Elaina Buzzell is a consultant helping nonprofits best communicate their programs and missions. This post was written for Idealware, but you can read other insightful posts on her site, www.elainabuzzell.com.
Yes, it's been a year since the movie Captain America: The First Avenger came out, but, just in case you are late watching it, there are spoilers ahead.
I was re-watching Captain America recently, and I noticed a great story about good project management. Right after the government gives the hero, Steve Rogers, the new abilities that turn him into Captain America, the scientist in charge of the project is killed, and then the military seems to forget why they did the project in the first place. They don't send him to the front lines to win the war or even have scientists examine him, but they instead send Captain America on a tour to sell war bonds. It thus takes a long time for the Army to get a good return on their investment, and their hero spends this time feeling depressed from under-utilization.
In a similar fashion, I've seen nonprofit technology projects that would have otherwise been successful go south at the finish line after an ED or other important staff member leaves the organization. Their replacement often doesn't see the value in the project, and aren't sure why decisions were made the way they were. As a result, the new tool isn't appreciated, it doesn't live up to its potential or the project is just axed completely.
But just because a leader goes, that doesn't mean that your tech project has to fail. Here are some things to do to make sure your project stays successful, even if there is a key departure:
1. Plan well to start off your project.
Planning well will not only help your project be more successful in the best of circumstances, but it will also help your project stand up better to problems like a key departure. This post will help you take on some planning on your own, and the keys are to be very clear on your goals, requirements, priorities, timelines and budget. But, for the planning to help to its fullest, you need to...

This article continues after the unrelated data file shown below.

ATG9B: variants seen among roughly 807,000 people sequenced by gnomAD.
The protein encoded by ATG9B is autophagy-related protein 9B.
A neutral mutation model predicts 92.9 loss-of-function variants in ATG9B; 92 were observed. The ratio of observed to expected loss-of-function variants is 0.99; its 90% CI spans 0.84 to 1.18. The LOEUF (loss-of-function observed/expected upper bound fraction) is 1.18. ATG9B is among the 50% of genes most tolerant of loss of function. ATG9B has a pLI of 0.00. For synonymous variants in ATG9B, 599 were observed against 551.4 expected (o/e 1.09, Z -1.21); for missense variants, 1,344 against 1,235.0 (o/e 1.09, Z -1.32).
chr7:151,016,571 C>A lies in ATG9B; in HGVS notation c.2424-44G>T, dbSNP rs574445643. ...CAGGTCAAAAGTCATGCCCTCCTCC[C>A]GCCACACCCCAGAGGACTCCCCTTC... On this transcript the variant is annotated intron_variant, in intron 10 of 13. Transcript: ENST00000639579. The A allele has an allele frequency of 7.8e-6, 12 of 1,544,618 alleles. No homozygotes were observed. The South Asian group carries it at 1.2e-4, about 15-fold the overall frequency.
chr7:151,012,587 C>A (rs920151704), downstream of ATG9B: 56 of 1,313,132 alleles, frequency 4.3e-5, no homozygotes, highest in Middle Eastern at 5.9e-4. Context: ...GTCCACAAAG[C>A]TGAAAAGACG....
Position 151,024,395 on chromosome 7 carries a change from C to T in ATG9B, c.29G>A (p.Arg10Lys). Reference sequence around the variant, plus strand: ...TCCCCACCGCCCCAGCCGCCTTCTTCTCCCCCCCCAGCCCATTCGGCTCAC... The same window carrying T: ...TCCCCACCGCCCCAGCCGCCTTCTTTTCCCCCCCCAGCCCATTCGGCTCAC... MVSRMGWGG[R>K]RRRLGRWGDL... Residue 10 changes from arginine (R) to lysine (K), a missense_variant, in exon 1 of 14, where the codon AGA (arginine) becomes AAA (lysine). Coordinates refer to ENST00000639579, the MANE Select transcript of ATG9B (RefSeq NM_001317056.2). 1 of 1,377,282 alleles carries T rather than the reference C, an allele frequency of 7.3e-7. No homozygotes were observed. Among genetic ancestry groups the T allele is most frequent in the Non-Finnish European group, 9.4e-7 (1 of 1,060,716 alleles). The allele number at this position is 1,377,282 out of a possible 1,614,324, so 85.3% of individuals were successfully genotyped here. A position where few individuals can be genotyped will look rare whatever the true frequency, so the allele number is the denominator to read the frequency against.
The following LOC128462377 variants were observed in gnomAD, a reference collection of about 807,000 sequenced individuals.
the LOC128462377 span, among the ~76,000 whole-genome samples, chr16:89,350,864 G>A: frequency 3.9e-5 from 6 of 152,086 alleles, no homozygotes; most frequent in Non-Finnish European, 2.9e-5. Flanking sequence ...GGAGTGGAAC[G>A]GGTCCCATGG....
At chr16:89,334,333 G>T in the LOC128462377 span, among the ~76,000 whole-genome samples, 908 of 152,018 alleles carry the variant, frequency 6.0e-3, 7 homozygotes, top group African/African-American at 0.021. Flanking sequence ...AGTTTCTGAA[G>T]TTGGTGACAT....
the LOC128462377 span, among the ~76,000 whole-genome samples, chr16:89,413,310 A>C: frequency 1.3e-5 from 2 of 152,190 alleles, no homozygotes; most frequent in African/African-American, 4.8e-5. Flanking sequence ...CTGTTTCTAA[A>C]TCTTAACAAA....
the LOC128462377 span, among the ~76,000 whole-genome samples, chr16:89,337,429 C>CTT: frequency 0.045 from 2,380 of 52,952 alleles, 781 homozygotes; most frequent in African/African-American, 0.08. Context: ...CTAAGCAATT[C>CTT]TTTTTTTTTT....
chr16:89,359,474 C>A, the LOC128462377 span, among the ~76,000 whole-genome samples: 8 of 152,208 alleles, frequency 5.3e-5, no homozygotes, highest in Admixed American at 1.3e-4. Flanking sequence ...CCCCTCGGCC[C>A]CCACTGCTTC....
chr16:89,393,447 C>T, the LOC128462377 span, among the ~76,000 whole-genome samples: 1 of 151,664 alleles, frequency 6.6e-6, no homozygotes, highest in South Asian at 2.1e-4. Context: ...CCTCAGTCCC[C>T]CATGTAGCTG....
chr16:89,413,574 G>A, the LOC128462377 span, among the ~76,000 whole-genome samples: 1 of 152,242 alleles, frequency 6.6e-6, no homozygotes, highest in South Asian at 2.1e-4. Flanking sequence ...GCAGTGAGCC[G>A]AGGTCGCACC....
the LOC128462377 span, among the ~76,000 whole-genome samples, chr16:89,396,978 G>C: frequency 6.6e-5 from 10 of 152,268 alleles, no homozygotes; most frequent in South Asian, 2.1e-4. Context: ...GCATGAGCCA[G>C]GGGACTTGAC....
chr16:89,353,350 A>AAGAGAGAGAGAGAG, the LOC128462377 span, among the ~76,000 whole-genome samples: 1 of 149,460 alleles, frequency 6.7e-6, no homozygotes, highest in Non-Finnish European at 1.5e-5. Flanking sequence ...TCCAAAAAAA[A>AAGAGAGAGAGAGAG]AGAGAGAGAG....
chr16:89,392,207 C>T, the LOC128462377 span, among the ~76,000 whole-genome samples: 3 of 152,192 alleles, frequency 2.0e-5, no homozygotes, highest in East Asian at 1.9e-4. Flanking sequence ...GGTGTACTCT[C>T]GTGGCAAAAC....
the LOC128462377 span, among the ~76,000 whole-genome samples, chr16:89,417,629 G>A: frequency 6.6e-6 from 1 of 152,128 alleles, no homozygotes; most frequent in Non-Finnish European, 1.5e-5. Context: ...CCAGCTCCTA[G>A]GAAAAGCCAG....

2. Document, Document, Document.
Make sure that all of your planning steps and decisions are well documented. Hold onto scopes and contracts from your vendors, and, assuming you took multiple bids, save those as well for reference. In the case of a leader's departure, these documents will be very helpful when bringing their Flickr image from user joelogon
replacement up to speed quickly and getting them on board with your decisions.
3. Have multiple stakeholders involved in your project.
It's true that "too many cooks spoil the broth", but no cooks will spoil it too. While it can be difficult for a nonprofit to dedicate two or more peoples' time to planning and project meetings, it will allow you to keep things moving if one leaves or even if one is just sick and has to miss a meeting.
4. Communicate staffing changes with your technology vendor.
Whether you are working with a paid consultant, a vendor, or a volunteer, make sure that they know that you are having a staff change, especially if their contact is leaving. They will, at minimum, want to know their new contact person, but will likely also appreciate a chance to meet with them and help bring them up to speed on the project. They can also potentially pause or slow the project to allow them to get settled into their position.
While many of these tips involve advance thought and actions long before you need that you will need to handle a transition, they will also help insure that the project is more successful in any circumstance. By setting your project up for success, you can be confident that you won't have a sad, under-used action hero, but you'll have a tool that your whole organization uses and appreciates.
Have you had a staff transition hit during a project? Did it affect the project's outcome? How did you handle bringing them up to speed?
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